Discussion in 'World History' started by brachy-pride, Oct 31, 2005.
It's still famous, Marla_Singer is even from there, and everybody knows her on CFC!
I guess we should add to the list Konigsberg, capital of Prussia. It is now Kaliningrad, in a small 'Russian' enclave cut off from the rest of Russia by Lithuania.
Sukhothai. Was first capital of Thai kingdom. Now a small province. Even tourists don't paid much attention to it, most went to Ayutthaya, the second capital.
Nauplia, the first capital of independent Greece from 1830-1834. Today it's a lovely small town of 15,000 inhabitants and a popular tourist location.
Still around but nowhere near its former glory.
It even had it's own Great Wonder for Chrissakes!
And its Library should have been another one.
Capital of the Norman kingdom of Sicily in the Middle Ages.
A city of 250 churches and 300 mosques according to one Arab travel writer, with 150.000 inhabitants at a time when Paris, London, Cologne etc. big European cities were languishing around 30-50K.
Also the village of Asterix. It was once capital (and sole part) of independant Gaul. Now it has been diminished to the status of a theme park.
Oh yes Verbose, Palermo was quite a hotspot under King Roger.
Well, it's true that Versailles isn't the centre of the French Monarchy since it's been more than 200 centuries there's no more monarchy in France. But anyway, Versailles is today a suburb of Paris it's totally part of the city... it's just that it doesn't exist really anymore on its own, it's today more a district than a city properly. By the way Versailles has never been a big city in the past, it has always been a town beside Paris. Now that Paris has grown bigger, it's a suburb of Paris.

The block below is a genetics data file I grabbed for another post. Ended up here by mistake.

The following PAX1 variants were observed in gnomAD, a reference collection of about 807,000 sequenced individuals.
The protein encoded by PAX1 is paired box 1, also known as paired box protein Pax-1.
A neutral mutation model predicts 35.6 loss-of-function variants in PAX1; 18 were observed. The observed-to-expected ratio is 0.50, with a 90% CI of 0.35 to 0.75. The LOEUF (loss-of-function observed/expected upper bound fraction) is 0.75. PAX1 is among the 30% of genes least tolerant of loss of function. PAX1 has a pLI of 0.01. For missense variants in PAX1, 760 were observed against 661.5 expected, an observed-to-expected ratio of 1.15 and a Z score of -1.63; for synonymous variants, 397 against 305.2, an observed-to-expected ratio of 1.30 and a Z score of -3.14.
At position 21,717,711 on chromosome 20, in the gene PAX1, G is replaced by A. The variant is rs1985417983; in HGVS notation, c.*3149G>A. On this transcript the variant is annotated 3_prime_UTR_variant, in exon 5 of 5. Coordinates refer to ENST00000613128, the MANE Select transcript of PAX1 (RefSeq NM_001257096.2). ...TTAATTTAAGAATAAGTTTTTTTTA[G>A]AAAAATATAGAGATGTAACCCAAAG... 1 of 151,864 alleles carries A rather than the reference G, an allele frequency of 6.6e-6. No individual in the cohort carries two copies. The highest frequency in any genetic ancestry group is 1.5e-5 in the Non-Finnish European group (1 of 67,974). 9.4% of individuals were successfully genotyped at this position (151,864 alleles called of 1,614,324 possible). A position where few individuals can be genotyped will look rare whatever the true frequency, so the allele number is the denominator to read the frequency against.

Alexandria is still today the largest city on the Mediterranean Sea.
Syracuse, SIcilly; used to be a magnifencent city but never recoved from when they resisted Rome.
Delos was one of the sacred capitals of the ancient greek world.
Also Melos (another island city) was among the biggest in the era, but declined after the "melian conflict" (Athens vs Melos).
Smyrna was briefly capital of a byzantine successor state, post 1204, before it was annexed by the empire of Nikaia.
speaking of which, Nikaia (Nicaea) was capital of the empire of Nikaia, from 1204 to 1263 iirc, and today probably is not important at all. It was also where the first panchristianic forums took place. Its loss to the seljuks triggered the first crusade.
Actually, Charlemagne had not only one capital but several and moved form one to another. Aachen is probably the most important, Tournai is the second one.
Liège was an important city during the middle-age. Between Xth and XIIIth centuries, Liège was called the Athens of the North because of its influence in philosophy, theology and technology. Liège never was conquered by Burgondy, Spain or Austria as neighbouring regions. It was an independant principalty from the IXth century to 1793.